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Make Engagement Personal


Organizations are facing unprecedented challenges in finding talent. Once people are hired, the next hurdle is ensuring that they stay, are interested in their work, and contribute to organizational goals. In other words, organizations need to keep employees engaged.  This “E” word is the cure-all for ensuring organizations keep the talent that moves them forward. Engagement is an important and well-researched topic. According to Gallup’s State of the Global Workplace 2023 report, low engagement costs the global economy approximately $8.8 trillion annually, or 9% of the global GDP (p. 4).

To move the needle on engagement, we need to examine and reflect on its underlying features through the lens of personalization. Put simply, how can we do our best to create the conditions for each employee? This may sound daunting, but with the right approach, it doesn’t have to be. At its core, it is a humanistic approach. Engagement levels can soar in organizations that embrace this perspective.

Leaders and managers are at the front lines of this approach. They have to know the people on their teams and their direct reports. They can do this by maintaining curiosity in conversations with each person so that they can confidently answer:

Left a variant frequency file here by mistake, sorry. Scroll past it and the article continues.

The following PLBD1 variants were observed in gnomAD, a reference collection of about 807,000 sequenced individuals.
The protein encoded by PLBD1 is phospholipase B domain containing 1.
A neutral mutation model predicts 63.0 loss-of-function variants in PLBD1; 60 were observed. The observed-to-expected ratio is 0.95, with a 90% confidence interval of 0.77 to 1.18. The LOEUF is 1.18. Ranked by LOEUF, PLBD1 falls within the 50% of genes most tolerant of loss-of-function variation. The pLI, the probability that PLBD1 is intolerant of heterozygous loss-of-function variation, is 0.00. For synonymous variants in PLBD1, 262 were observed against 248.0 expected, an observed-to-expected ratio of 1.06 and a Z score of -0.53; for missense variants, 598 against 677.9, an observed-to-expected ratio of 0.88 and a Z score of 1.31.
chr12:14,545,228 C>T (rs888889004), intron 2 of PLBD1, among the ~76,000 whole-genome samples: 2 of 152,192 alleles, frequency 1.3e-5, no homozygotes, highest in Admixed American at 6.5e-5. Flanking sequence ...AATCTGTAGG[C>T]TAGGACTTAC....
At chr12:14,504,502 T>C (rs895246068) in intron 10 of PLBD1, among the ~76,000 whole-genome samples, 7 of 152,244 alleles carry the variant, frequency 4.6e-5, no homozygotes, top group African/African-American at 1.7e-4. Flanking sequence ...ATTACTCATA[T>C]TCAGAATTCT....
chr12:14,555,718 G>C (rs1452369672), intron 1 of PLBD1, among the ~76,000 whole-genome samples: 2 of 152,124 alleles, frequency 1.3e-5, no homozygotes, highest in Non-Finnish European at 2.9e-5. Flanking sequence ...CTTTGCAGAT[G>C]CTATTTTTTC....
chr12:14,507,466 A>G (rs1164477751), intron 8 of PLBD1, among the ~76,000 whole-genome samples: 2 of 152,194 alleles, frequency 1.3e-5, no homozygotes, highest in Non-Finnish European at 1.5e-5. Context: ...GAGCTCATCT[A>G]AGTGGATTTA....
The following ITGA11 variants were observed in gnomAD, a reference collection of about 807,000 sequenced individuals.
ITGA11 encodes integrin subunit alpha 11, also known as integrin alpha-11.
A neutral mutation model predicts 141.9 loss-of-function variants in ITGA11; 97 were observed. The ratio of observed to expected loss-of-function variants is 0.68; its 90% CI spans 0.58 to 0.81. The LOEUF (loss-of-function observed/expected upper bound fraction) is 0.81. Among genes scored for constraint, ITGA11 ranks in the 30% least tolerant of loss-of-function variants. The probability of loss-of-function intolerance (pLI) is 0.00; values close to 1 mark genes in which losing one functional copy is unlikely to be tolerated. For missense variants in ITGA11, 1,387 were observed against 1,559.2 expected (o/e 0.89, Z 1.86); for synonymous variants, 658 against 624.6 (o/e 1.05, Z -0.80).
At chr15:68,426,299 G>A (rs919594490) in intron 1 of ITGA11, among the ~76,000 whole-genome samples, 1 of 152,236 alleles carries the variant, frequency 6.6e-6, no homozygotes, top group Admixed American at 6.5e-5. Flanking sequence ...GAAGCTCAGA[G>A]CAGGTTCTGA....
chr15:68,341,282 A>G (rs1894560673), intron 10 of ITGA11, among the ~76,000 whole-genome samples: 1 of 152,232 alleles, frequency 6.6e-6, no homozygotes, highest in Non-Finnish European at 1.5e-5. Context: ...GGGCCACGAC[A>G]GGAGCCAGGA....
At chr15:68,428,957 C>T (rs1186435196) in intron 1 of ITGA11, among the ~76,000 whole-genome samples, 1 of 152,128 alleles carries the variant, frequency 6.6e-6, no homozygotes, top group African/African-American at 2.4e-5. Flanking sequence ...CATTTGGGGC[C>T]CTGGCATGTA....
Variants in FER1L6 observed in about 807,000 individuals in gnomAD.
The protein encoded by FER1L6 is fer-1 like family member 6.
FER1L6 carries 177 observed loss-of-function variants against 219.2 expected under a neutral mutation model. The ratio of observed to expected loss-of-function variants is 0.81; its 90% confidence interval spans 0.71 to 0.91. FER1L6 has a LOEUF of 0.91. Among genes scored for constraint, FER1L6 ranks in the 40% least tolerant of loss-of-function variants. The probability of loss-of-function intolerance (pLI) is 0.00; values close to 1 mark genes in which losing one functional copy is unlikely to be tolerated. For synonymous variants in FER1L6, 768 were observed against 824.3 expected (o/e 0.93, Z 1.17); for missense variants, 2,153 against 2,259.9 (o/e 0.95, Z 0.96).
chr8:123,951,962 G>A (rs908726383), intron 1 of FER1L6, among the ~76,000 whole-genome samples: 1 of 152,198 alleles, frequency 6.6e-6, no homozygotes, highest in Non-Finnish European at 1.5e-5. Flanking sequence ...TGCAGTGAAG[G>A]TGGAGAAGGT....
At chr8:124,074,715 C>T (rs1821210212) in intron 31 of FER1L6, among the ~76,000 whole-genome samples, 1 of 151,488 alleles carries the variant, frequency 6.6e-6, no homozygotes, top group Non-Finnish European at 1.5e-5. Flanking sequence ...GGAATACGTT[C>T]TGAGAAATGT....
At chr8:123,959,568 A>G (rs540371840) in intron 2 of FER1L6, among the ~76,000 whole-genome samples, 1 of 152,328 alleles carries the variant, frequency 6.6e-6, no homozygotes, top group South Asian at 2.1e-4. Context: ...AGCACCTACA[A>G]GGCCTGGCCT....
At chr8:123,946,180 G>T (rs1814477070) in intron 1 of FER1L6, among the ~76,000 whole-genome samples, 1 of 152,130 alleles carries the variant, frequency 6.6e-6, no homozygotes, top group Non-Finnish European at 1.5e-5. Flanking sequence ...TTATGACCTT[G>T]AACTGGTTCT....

1. Autonomy
    1. Have I demonstrated trust in this person?
    2. Have I given them space to do the work they were hired to do?
  2. Mastery
    1. Am I finding ways to help this person grow in their role?
    2. Do I actively support their development, even when development budgets are slashed?
  3. Purpose
    1. Have I asked this person to describe how they find meaning and purpose in their work?
    2. Have I helped this person see how their work contributes directly to the larger organization?
  4. Belonging
    1. Do I actively demonstrate that I value this person?
    2. Do I create the conditions for community within this work team?
  5. Hyper-personalization of approach
    1. Do I learn how this person goes about their work?
    2. Do I know what energizes them in their role, as well as what drains them?
    3. Do we have good conversations about this so they feel safe to come to me?
  6. Balance
    1. Do I demonstrate through my actions that I am a whole person, not just my work?
    2. Do I know about this person’s hobbies and life outside of work and help find ways to balance work and life when appropriate?
  7. Guidance
    1. Do I talk with this person weekly about their work, even if it is a brief check-in?
    2. Do I mentor this person to help them develop in their role and their competency as a team member?

Much of engagement is a grass-roots effort that can grow exponentially. Each of us can contribute to its growth. Start asking some of these questions and see where it leads!